I love barns: old and new, large and small, dairy, tobacco, and well kept or falling apart. I think I can honestly say I’ve never met a barn I didn’t like. This love affair began long before they became subjects for my art. Barns and outbuildings were a part of life growing up on a farm. The barn was a playground for me and my friends, a place for hiding, building forts in the hay, for climbing, and for jumping out of lofts and second story windows. Our barn had little to offer architecturally. It was a plain 3-story structure with a tin roof. The stone and concrete ground floor that supported the 2 framed floors above, housed the various livestock. The top floors were home to several hundred chickens. It wasn’t until I was old enough to accept the responsibility of daily chores that I developed a new appreciation of our barn.
Milking the family cow was one of my assigned chores, a task I did under duress during the deep days of summer. The barn was hot, the air thick and heavy, and seated by her udder with my head resting on her flank I would be smacked in the face repeatedly by her tail flipping from side to side to remove the flies constantly settling on her. But on cold winter days it was an entirely different experience. I recall reading that a cow generates enough body heat to warm a small cottage. I don’t know if that is true, but I can say with certainty that the animal gives off heat. Sitting on that stool with my head pressed into her flank was like sitting in front of a heat vent. There was no tail to worry about, and her teats warmed my hands better than any gloves could. Completing this experience were the kittens that seem to be found in every barn everywhere. Somehow they knew it was milking time and would gather around the milk pail in anticipation; I loved to watch them scramble over each other after I squirted them with a stream of milk. I think milking a cow one more time before my last breath will go on my bucket list.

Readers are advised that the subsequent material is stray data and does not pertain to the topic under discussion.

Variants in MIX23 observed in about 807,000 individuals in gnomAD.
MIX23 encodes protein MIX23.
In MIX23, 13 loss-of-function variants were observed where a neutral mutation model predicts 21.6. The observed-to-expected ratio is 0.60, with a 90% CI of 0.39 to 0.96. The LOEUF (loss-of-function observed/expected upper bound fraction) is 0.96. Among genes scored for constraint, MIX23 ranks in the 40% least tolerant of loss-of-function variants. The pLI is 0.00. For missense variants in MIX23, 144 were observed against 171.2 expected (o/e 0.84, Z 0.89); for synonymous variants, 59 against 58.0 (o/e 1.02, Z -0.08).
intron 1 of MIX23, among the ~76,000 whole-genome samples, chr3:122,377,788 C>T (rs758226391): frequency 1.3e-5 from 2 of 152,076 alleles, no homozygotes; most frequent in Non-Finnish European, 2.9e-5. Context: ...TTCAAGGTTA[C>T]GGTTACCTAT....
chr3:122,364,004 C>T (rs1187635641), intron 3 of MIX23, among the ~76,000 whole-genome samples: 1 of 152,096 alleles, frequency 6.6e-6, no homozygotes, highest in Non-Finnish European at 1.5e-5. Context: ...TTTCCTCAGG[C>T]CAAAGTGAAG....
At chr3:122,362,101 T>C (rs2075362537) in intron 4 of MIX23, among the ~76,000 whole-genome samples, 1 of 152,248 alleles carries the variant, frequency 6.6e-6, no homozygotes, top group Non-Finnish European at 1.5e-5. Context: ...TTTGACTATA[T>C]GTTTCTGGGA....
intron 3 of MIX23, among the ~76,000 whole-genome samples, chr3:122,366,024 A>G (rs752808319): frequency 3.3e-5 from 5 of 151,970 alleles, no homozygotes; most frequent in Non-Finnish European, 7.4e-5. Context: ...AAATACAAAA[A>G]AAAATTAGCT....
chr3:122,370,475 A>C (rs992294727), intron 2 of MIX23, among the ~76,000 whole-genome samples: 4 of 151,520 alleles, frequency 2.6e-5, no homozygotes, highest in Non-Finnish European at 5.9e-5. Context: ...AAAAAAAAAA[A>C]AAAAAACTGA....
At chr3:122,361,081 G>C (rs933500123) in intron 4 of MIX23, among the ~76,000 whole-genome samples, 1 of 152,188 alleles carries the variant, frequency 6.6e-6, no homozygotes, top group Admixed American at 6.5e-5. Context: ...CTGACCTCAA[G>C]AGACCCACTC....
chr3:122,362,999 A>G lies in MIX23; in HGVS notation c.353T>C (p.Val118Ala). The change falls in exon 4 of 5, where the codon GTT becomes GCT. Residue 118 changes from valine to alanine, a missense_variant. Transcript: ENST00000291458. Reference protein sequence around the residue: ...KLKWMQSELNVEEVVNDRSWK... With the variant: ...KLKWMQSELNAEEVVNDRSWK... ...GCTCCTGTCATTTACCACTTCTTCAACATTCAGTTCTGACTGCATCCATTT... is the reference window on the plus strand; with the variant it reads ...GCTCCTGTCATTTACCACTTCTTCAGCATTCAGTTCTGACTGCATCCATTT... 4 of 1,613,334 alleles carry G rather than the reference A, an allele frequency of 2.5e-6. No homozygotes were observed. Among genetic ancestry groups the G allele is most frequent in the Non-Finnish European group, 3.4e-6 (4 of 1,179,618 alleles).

In the years since leaving the farm I cherished the fond memories of a warm and intimate space, a docile cow, and a swarm of fuzzy kittens. Forty years later there was another barn in another place, with horses instead of cows and sheep. And once again I think of escaping the cold winter wind and relishing the warmth and the smells of the horses and straw in freshly cleaned stalls. (Note the focus on winter, and not the hot, sticky days of summer.) I should also mention that in this barn, my wife did ALL of the mucking...her choice. I got to enjoy the fruits of her labor.)
Beyond my personal experiences, I love barns for their architectural and historic qualities. I am drawn to the drama and the mood of a solitary barn, simple or elegant, sitting alone in an empty field, or the intimacy of a barn and several outbuildings, huddled together to create a family haven. I am especially fond of the rambling dairy barns, where one or more additions have been tacked on to the main structure, concerned only with function. The result? A mish mash of architecture and texture...much to my great delight. Looking at these rural icons, many of them now abandoned or a little more than storage facilities, I wonder about their stories, and the hopes and aspirations of the families they served when they were first conceived. I imagine the livestock in their stalls, cats milling about, and children running around, playing in the hayloft, the barns, elegant or simple, served a central role in the daily life of all members of the farm family.
It is sad to see so many of these wonderful structures fall into disrepair and treated with such little respect and appreciation for all that they have provided. Even the unpretentious tobacco barns with their simple lines and lack of any architectural flare stand as lonely reminders of a life that is quickly becoming only a memory.